Teaching English Pronunciation to Adult Refugees: A Personal Narrative of a Graduate Student in Newfoundland
This narrative is based on the Experiential Learning portion of the course ED-6676 “Teaching ESL: Theory and Practice” at Memorial University of Newfoundland (MUN). The practicum consists of imparting 6 hours of ESL lessons to a student appointed by the Association for New Canadians (ANC) in St. John’s. Designated students are usually refugees or economic immigrants to Canada and the lessons being provided are pro bono. The topics were chosen according to the level of English proficiency of the student, which in my case was Canadian Language Benchmark (CLB) level 4, and included conversational themes ranging from social conventions, family and friends, nationalities and differences between the home country and the host country. A mix-method approach to ESL teaching was used, including Audio-lingual, Communicative language teaching, Computer-assisted language learning, Direct Method, Grammar-translation method, Language immersion and Task-based language learning. After reflecting on this experience, my conclusions stress the importance of self motivation and student enthusiasm about their learning process, besides the allocation of an enormous amount of study time and dedication, in order to succeed, both economically and personally, in North American Anglophone society.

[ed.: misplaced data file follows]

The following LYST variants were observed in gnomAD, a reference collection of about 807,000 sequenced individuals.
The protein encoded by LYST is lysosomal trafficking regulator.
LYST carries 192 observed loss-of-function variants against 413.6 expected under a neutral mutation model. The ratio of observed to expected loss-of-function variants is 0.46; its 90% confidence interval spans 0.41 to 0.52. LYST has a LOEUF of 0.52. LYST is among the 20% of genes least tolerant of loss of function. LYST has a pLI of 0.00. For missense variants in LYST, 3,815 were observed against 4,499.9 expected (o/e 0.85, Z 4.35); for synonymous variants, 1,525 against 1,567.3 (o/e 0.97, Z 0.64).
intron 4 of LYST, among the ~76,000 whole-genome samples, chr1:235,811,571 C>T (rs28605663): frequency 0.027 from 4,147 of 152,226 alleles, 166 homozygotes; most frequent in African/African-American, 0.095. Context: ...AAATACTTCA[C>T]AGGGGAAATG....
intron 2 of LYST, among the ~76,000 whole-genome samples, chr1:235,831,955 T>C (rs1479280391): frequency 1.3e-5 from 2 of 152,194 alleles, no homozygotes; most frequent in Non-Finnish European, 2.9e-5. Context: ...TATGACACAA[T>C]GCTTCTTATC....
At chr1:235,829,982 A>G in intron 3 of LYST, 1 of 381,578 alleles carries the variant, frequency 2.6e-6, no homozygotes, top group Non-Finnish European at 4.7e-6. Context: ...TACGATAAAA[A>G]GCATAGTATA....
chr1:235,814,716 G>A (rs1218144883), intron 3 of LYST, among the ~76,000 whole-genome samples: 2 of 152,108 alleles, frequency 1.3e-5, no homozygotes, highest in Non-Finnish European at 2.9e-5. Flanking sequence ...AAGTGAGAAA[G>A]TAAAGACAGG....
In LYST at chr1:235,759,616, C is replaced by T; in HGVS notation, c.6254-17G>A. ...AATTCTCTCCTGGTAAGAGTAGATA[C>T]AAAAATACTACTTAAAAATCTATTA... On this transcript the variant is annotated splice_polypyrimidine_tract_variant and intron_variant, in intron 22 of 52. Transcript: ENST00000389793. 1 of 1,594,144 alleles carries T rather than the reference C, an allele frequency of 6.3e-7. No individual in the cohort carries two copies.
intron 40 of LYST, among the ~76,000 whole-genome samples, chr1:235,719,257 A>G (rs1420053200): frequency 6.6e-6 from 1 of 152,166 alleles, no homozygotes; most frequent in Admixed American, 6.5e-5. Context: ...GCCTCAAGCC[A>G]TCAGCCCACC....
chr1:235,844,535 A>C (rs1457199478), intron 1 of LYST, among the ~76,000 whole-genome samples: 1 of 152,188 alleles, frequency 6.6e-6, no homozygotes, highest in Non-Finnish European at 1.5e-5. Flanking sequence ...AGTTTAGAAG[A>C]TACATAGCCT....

Keywords: ESL, pronunciation, accent, refugee.
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